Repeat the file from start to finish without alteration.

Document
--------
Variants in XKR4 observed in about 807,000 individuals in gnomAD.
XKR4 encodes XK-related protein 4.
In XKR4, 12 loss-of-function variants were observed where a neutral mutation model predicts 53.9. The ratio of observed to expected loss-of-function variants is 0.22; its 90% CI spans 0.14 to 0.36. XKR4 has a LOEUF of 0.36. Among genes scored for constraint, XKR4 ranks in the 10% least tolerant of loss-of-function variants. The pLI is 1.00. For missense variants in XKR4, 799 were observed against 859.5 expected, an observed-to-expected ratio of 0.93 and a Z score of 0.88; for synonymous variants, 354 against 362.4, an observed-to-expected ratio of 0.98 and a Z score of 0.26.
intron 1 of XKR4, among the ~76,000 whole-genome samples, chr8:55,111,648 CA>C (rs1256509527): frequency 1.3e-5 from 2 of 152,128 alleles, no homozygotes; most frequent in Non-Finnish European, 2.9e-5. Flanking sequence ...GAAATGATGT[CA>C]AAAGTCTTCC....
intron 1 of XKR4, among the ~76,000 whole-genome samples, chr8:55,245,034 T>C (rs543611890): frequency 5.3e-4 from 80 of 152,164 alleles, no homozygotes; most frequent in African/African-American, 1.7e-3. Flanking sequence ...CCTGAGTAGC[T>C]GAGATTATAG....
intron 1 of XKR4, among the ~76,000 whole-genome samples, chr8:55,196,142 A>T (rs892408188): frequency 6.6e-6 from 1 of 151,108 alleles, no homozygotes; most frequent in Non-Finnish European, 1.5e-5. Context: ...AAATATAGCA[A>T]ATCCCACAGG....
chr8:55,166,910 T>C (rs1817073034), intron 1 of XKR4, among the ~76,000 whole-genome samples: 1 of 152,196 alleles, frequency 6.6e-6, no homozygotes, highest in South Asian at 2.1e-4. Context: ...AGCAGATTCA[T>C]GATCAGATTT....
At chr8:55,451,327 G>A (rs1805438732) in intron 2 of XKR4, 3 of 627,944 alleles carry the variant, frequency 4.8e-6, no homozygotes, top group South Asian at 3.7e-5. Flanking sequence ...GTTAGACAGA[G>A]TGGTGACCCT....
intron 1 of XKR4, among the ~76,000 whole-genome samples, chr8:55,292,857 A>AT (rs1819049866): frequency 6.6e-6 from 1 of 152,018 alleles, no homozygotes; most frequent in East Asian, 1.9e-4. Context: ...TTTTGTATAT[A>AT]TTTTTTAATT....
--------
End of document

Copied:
Variants in XKR4 observed in about 807,000 individuals in gnomAD.
XKR4 encodes XK-related protein 4.
In XKR4, 12 loss-of-function variants were observed where a neutral mutation model predicts 53.9. The ratio of observed to expected loss-of-function variants is 0.22; its 90% CI spans 0.14 to 0.36. XKR4 has a LOEUF of 0.36. Among genes scored for constraint, XKR4 ranks in the 10% least tolerant of loss-of-function variants. The pLI is 1.00. For missense variants in XKR4, 799 were observed against 859.5 expected, an observed-to-expected ratio of 0.93 and a Z score of 0.88; for synonymous variants, 354 against 362.4, an observed-to-expected ratio of 0.98 and a Z score of 0.26.
intron 1 of XKR4, among the ~76,000 whole-genome samples, chr8:55,111,648 CA>C (rs1256509527): frequency 1.3e-5 from 2 of 152,128 alleles, no homozygotes; most frequent in Non-Finnish European, 2.9e-5. Flanking sequence ...GAAATGATGT[CA>C]AAAGTCTTCC....
intron 1 of XKR4, among the ~76,000 whole-genome samples, chr8:55,245,034 T>C (rs543611890): frequency 5.3e-4 from 80 of 152,164 alleles, no homozygotes; most frequent in African/African-American, 1.7e-3. Flanking sequence ...CCTGAGTAGC[T>C]GAGATTATAG....
intron 1 of XKR4, among the ~76,000 whole-genome samples, chr8:55,196,142 A>T (rs892408188): frequency 6.6e-6 from 1 of 151,108 alleles, no homozygotes; most frequent in Non-Finnish European, 1.5e-5. Context: ...AAATATAGCA[A>T]ATCCCACAGG....
chr8:55,166,910 T>C (rs1817073034), intron 1 of XKR4, among the ~76,000 whole-genome samples: 1 of 152,196 alleles, frequency 6.6e-6, no homozygotes, highest in South Asian at 2.1e-4. Context: ...AGCAGATTCA[T>C]GATCAGATTT....
At chr8:55,451,327 G>A (rs1805438732) in intron 2 of XKR4, 3 of 627,944 alleles carry the variant, frequency 4.8e-6, no homozygotes, top group South Asian at 3.7e-5. Flanking sequence ...GTTAGACAGA[G>A]TGGTGACCCT....
intron 1 of XKR4, among the ~76,000 whole-genome samples, chr8:55,292,857 A>AT (rs1819049866): frequency 6.6e-6 from 1 of 152,018 alleles, no homozygotes; most frequent in East Asian, 1.9e-4. Context: ...TTTTGTATAT[A>AT]TTTTTTAATT....